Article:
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Figure 1. Behavioral performance of the mice in the go-no go task. (A1–A3) Example of the percent correct performance in the go-no go odorant discrimination task for a mouse learning to differentiate odorants in the APEB odorant pair. Percent correct was calculated in a window of 20 trials. Blue points are percent correct below 65% and red points are above 80%. (B–D) Mean and 95% confidence interval for the percent correct performance in the first thirty trials of the first training session (blue, naïve) and the last thirty trials of the last trainings session (red, proficient). Data for individual mice are shown in light grey. The difference in percent correct performance between naïve and proficient was statistically significant for all odorant pairs (ranksum test, p < 0.001, pFDR = 0.05). (E–G) Time course of the mean and 95% confidence intervals for the number of licks per second calculated for the last thirty trials of the last session for the same mice. The red line denotes the interval when the odorant was applied for 2.5 s. The odorant pairs and number of mice are: (B,E) IAMO, 5, (C,F) APEB, 8, (D,G) EAPA, 5.

Optetrode Recordings and Light Stimulation

We followed procedures as previously described (Li et al., 2014). The mouse had access to a chamber with dimensions of 11.6 × 9.7 × 9.4 cm. The EIB-16 board that recorded signals from the tetrodes was connected to either a head stage (LP16CH; Tucker-Davis Technologies) teathered to a 16-channel amplifier (Model 3500, A-M Systems; bandpass, 1–5,000 Hz, 2,000× gain) sampled by a DT3010 analog-to-digital (A/D) card (Data Translation) or it was connected to an INTAN RHD2132 16 channel amplifier/A/D converter that interfaced with an RHD2000 USB interface board. The sampling rate was 24 kHz.

Light was delivered via a diode-pumped, solid-state laser (532 nm; Shanghai Laser and Optics Century) through a 105 μm core diameter 0.22 NA optical fiber (Thorlabs Inc. AFS105/125Y). The power was measured to be 2–10 mW at the end of the optical fiber. Light stimulation was triggered by the computer controlling the olfactometer through a stimulator (Master 8, A.M.P.I.). Light stimulation was presented when the animal entered the port for 3.5 s for both the S– and S+ odorants. The odorant is delivered at a random time 1–1.5 s after the animal enters the odorant port. Optogenetic activation was unilateral. Stimulation through a 0.22 NA optical fiber results in focal light stimulation in a limited volume because of light spread through a cone of 9° whose light intensity is reduced markedly with an exponential-like dependence as a function of depth because of light scatter (Stujenske et al., 2015). Limited unilateral optogenetic activation of eNpHR3.0 was performed on purpose to study changes in circuit processing due to silencing of local noradrenergic innervation. Local unilateral silencing is not expected to result in substantial changes in behavior.

LFP Analysis

LFP recordings from each of the 16 electrodes were analyzed by computing the mean spectral power computed within a sliding 1 s window using the MATLAB spectrogram function. The power, computed in decibels, was shown either as a time course for the mean power for a subset of trials, or calculated as the odorant-induced change in power (Δ power). Δ power was calculated as the average power, computed in decibels, for 2 s during odorant application minus the average power in the interval from 2.1 to 0.6 s before exposure to the odorant. The bandwidths used to filter the oscillations were defined as theta (6–12 Hz), beta (15–30 Hz), low gamma (35–55 Hz), and high gamma (65–95 Hz). Receiver operating characteristic analysis (ROC) was used to assess the classification of the rewarded and unrewarded stimuli using Δ power (Fawcett, 2006). ROC was estimated using the roc function from MATLAB exchange (Cardillo, 2008). The area under the ROC curve was defined from −0.5 to 0.5 with a value of zero when the ROC fell on the diagonal. The significance of the auROC was estimated calculating the p-value using a z-test (Cardillo, 2008). The significance of the differences in auROC calculated from Δ power values for the LFP recorded by each electrode was estimated using a non-parametric permutation based ANOVA (Delorme and Makeig, 2004). The p-value for significance was estimated for multiple comparisons using the false discovery rate (Curran-Everett, 2000). The MATLAB code used to process the data is available at https://github.com/restrepd.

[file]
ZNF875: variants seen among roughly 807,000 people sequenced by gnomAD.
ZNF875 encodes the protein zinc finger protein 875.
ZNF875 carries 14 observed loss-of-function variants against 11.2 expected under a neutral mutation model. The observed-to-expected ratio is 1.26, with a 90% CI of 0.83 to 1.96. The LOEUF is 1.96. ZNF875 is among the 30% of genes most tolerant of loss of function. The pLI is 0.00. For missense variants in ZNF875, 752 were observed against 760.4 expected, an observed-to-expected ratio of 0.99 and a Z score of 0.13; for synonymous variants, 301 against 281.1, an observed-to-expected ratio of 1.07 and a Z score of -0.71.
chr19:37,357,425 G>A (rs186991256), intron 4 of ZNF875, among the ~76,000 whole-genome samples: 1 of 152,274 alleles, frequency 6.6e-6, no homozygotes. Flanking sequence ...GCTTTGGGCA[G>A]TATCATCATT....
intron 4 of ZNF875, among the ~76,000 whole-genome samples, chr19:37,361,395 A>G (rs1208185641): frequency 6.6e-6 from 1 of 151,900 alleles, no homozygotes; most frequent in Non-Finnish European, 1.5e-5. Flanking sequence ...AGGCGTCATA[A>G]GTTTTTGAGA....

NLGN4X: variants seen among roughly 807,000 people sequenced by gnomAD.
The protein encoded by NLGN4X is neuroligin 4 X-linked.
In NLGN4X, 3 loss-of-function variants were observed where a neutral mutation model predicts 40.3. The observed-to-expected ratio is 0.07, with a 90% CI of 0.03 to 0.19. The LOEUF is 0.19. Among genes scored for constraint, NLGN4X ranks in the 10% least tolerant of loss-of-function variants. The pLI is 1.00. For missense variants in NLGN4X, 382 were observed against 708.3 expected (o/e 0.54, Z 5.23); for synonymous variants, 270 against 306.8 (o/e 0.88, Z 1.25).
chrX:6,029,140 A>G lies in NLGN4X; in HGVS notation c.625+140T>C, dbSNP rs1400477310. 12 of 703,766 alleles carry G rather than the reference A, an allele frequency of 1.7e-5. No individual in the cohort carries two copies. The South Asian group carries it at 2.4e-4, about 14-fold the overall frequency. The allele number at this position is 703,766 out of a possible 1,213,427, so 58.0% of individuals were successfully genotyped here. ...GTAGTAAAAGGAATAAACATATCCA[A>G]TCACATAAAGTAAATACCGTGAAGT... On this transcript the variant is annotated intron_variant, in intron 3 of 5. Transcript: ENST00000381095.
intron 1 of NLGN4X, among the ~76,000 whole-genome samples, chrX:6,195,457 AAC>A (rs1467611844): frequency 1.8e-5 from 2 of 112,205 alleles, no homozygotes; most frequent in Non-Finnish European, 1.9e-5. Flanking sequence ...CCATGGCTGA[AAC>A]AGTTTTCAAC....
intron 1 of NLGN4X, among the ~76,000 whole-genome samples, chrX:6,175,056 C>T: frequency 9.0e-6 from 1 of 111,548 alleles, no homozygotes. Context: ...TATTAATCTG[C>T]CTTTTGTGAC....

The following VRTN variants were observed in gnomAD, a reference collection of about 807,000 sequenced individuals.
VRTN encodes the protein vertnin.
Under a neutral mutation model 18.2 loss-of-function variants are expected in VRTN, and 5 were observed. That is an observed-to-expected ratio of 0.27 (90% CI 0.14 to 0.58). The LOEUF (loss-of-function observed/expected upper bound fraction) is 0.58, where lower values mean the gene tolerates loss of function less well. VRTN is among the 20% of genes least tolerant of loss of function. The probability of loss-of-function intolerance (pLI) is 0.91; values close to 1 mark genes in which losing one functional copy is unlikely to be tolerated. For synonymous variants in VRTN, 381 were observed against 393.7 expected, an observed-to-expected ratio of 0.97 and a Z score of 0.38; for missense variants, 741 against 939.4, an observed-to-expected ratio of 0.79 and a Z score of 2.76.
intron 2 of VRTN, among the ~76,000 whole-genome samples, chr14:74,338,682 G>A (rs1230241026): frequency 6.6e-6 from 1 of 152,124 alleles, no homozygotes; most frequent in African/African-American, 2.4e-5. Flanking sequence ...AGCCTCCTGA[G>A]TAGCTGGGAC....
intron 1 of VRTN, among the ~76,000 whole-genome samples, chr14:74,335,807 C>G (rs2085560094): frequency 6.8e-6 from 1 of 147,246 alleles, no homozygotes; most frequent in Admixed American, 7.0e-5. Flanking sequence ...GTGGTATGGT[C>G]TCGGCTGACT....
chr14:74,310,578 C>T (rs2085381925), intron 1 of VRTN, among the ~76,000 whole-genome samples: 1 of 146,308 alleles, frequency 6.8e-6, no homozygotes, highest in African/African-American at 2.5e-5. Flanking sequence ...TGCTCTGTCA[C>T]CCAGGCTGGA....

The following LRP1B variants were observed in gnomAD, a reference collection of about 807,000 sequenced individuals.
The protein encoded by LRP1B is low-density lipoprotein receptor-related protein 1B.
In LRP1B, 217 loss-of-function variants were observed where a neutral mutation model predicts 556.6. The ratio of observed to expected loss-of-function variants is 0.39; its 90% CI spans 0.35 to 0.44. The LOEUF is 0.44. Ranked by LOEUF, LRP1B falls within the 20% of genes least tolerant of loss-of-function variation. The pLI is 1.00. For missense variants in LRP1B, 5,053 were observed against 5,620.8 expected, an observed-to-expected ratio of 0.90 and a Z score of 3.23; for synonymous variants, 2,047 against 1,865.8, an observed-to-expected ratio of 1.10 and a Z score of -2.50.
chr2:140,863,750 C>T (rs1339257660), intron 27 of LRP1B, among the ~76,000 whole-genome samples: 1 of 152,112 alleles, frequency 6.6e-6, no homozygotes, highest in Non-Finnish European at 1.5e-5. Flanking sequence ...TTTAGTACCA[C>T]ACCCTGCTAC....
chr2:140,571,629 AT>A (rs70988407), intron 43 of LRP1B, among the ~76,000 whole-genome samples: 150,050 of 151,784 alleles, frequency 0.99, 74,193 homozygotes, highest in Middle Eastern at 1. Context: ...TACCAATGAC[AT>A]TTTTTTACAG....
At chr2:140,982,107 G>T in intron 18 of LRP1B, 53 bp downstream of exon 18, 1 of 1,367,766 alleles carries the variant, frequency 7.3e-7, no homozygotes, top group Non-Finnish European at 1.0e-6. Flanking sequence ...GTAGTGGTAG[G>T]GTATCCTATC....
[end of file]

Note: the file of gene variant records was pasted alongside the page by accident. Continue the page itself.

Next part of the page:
Analysis of Lick-Aligned LFP

We used the methods of Amarante et al. (2017). Briefly, we aligned the raw LFP to the onset of the licks, and we used spectrogram analysis of LFP with a sliding 1 s window to determine the dependence of the LFP power in the different frequencies as a function of the time to the onset of the licks. In addition, we used the Hilbert transform to determine the theta LFP phase of the licks.

Histochemical Characterization of EYFP Co-Expressed with Halorhodopsin in eNpHR3.0